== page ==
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Tag: bloody sunday

CCDC will never forget Representative John Lewis, Our mentor and teacher — WE LOST A GREAT ONE!

Tribute was written by Kevin W. Williams, Legal Program Director,
Colorado Cross-Disability Coalition Civil Rights Legal Program

Image of Congressman John Robert Lewis, official Congressional photo.
Image of Congressman John Robert Lewis, official Congressional photo.

“We are one people with one family. We’ll live in the same house . . . and through books, through information, we must find a way to say to people that we must lay down the burden of hate. For hate is too heavy a burden to bear.”* – Rep. John Lewis (All quotations throughout this CCDC Memorial blog are the words of John Lewis himself unless otherwise noted).

This tribute allows John Lewis to speak for himself in the humble yet powerful way only he could.

Image of young John Lewis as he proudly crosses Edmund Pettus Bridge, leading the March on Bloody Sunday to secure voting rights for Black Americans in the state of Alabama. Photo from “There’s a better way to honor John Lewis than renaming the Edmund Pettus Bridge” AL.com, Alabama.
Image of young John Lewis as he proudly crosses Edmund Pettus Bridge, leading the March on Bloody Sunday to secure voting rights for Black Americans in the state of Alabama. Photo from “There’s a better way to honor John Lewis than renaming the Edmund Pettus Bridge” AL.com, Alabama.

The disability rights movement owes an enormous debt of gratitude to John Lewis, who died on July 17, 2020. His was indeed a life well-lived. He was our teacher and demonstrated why, in so many ways, “Black Lives Matter!” Congressional representatives on both sides of the aisle referred to him as the “Conscience of the Congress,” and Congress will never be the same without him. His life, his perspective, his commitment stayed with him until the day he died. We need and miss him, especially now, and always will.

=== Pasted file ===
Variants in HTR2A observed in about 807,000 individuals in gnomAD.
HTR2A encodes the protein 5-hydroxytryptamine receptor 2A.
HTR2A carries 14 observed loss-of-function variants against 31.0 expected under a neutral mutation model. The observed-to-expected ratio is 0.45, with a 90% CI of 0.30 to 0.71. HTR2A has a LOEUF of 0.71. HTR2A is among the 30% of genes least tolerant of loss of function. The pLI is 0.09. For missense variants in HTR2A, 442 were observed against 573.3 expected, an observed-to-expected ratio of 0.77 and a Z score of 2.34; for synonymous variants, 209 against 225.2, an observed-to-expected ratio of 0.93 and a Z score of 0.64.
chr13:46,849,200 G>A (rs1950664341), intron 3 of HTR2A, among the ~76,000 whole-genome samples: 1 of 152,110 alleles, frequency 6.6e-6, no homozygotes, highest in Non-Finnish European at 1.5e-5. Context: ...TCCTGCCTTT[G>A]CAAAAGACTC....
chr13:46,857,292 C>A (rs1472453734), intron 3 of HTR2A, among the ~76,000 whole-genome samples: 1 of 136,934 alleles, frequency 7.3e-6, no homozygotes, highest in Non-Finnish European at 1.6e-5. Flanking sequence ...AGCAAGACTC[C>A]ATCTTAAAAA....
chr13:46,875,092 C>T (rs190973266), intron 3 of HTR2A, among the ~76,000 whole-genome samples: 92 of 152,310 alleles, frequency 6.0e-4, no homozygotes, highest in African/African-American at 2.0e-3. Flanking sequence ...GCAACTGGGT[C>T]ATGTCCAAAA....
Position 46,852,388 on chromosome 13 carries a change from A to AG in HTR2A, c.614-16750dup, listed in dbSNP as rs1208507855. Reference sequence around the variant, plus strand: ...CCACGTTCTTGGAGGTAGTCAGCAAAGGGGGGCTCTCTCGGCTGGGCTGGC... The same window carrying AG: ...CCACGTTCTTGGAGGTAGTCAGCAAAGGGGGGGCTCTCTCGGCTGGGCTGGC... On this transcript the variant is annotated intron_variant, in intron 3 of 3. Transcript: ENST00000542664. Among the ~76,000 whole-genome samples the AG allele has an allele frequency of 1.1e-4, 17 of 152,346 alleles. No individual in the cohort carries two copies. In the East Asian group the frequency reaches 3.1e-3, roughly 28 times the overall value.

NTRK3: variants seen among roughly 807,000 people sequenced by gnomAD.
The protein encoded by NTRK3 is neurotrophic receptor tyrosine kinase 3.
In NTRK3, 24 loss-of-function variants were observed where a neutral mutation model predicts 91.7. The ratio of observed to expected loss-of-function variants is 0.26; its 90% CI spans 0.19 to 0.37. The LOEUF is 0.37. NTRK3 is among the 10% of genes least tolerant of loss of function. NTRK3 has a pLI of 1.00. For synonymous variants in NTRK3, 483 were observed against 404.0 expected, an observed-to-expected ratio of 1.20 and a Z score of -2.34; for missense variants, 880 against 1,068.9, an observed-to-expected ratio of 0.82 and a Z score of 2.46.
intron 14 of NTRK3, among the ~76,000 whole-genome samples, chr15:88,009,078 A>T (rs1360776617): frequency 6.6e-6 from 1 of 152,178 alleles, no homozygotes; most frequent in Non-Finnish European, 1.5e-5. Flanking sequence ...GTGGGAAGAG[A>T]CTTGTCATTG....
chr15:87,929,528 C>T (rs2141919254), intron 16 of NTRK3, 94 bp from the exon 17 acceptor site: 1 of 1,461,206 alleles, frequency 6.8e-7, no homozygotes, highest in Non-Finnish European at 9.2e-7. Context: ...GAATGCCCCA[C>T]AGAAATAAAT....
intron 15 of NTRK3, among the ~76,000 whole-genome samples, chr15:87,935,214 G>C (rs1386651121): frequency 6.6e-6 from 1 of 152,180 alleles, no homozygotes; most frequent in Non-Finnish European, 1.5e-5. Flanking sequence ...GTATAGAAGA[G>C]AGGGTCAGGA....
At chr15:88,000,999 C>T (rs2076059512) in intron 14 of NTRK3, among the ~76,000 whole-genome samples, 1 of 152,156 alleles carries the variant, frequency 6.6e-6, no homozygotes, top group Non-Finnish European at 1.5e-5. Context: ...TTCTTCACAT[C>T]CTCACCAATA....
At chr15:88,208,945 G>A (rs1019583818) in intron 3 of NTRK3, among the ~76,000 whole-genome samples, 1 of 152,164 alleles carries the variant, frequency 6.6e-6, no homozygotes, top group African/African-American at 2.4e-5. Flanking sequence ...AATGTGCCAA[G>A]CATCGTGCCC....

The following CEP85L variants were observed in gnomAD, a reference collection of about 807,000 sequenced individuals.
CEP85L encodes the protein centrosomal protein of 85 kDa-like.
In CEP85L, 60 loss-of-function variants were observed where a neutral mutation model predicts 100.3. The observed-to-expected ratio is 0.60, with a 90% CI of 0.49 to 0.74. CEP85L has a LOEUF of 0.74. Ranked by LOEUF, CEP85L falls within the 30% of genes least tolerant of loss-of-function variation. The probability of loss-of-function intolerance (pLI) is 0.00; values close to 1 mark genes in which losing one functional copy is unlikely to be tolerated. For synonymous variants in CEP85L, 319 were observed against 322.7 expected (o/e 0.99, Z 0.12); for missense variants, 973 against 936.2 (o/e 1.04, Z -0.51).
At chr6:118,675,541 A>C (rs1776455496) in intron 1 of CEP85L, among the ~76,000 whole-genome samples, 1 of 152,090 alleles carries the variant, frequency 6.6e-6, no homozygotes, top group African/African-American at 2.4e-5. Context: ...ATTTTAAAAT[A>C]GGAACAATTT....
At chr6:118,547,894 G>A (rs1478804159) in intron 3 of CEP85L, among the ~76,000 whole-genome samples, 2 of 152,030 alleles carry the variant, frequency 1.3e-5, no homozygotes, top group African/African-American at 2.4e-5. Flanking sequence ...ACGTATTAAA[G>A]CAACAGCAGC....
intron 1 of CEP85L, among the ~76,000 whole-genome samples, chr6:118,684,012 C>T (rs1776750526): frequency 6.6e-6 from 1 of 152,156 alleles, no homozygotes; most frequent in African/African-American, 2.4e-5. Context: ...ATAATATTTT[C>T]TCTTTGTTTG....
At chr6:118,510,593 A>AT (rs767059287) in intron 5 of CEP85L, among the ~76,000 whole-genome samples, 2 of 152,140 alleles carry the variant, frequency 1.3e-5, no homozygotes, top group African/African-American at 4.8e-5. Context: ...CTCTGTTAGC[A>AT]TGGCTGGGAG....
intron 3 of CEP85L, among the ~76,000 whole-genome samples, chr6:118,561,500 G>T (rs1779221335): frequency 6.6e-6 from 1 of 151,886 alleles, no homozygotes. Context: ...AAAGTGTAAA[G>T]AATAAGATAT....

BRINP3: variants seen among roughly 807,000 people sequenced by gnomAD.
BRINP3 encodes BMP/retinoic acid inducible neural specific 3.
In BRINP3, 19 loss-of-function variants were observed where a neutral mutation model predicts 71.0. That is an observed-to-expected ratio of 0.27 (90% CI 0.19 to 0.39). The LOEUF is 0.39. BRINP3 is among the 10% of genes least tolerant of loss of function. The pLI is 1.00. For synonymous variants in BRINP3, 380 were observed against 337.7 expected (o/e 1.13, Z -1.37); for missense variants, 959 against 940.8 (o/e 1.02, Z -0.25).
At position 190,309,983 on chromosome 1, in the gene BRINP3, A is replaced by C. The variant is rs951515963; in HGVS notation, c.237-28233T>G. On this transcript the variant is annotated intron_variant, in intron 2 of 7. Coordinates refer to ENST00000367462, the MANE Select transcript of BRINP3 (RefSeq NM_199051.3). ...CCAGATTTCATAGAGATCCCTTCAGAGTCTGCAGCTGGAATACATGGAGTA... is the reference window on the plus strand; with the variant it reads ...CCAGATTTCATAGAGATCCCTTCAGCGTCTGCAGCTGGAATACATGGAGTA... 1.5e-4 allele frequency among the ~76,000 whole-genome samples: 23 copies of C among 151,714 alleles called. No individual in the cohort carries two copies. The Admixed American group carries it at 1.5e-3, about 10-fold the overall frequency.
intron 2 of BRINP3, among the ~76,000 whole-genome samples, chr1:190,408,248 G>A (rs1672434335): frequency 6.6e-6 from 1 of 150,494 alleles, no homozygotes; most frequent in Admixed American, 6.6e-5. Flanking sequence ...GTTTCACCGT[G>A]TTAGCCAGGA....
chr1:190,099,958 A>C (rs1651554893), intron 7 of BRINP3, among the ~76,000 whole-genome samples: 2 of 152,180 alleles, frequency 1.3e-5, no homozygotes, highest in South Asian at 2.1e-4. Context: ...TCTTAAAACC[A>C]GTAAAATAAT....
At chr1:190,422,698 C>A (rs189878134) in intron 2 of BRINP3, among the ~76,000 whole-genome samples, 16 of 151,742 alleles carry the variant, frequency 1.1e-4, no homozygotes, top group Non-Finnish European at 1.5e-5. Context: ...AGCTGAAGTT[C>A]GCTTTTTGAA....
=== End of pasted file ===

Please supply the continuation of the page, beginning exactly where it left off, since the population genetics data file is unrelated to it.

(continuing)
In 1961, John Lewis became one of the original 13 Freedom Riders; the group made up of seven black and six white Americans. They were determined to ride from Washington, D.C. to New Orleans in an integrated fashion. Much of this work was attributed to his involvement with the Fellowship of Reconciliation and the Congress of Racial Equality. He and the other Freedom Riders were severely beaten and jailed as they entered the southern states.

“We were determined not to let any act of violence keep us from our goal. We knew our lives could be threatened, but we had made up our minds not to turn back.”*

The disability community took all of its cues from John Lewis when shutting down the Regional Transportation District (RTD) in Denver, Colorado. The Gang of 19 threw themselves out of their wheelchairs and blocked buses overnight on the busiest street in Denver – Colfax Avenue between Broadway and Lincoln. The Gang of 19 was responsible for forcing RTD to be the first transportation system in the country to install wheelchair lifts on its buses. All of the tactics for making this happen can be attributed to the work of John Lewis.

Denied the right to vote, he and the other marchers refused to give up! Even as he led the march (literally — he was at the front of the line) across the bridge, at which point the Alabama State Patrol took a billy club to his head before arresting him. John Lewis, following in the steps of Dr. Martin Luther King, understood and believed in the theory of nonviolent protest. He and those with him demonstrated to this country and the world that those who are willing to risk everything (their bodies, arrest, and even death) without using violence have great power to show the oppressor. Despite repeated attempts to stop the protesters from attaining the same rights enjoyed by all others, they just kept coming back. The message was and, as we have seen with the latest “Black Lives Matter” marches and protests, is powerful. For a while, the nonviolent protest strategies used by John Lewis changed the hearts and minds of many – but not all. And he lived just long enough to see how his efforts and those he orchestrated can still be taken away. Meaning the fight goes on, and we must be prepared to continue. 

Indeed, the disability rights movement would not have existed without an understanding of how John Lewis and those of like mind showed this country what injustice looks like and why it can not be tolerated.

“You must be bold, brave, and courageous and find a way… to get in the way.”*

“I want to see young people in America feel the spirit of the 1960s and find a way to get in the way. To find a way to get in trouble. Good trouble, necessary trouble.”*

CCDC also sees the involvement of young people with disabilities as a top priority as we navigate through very uncertain times – viewing the progress we have made and seeing what is left for us to do or do over again.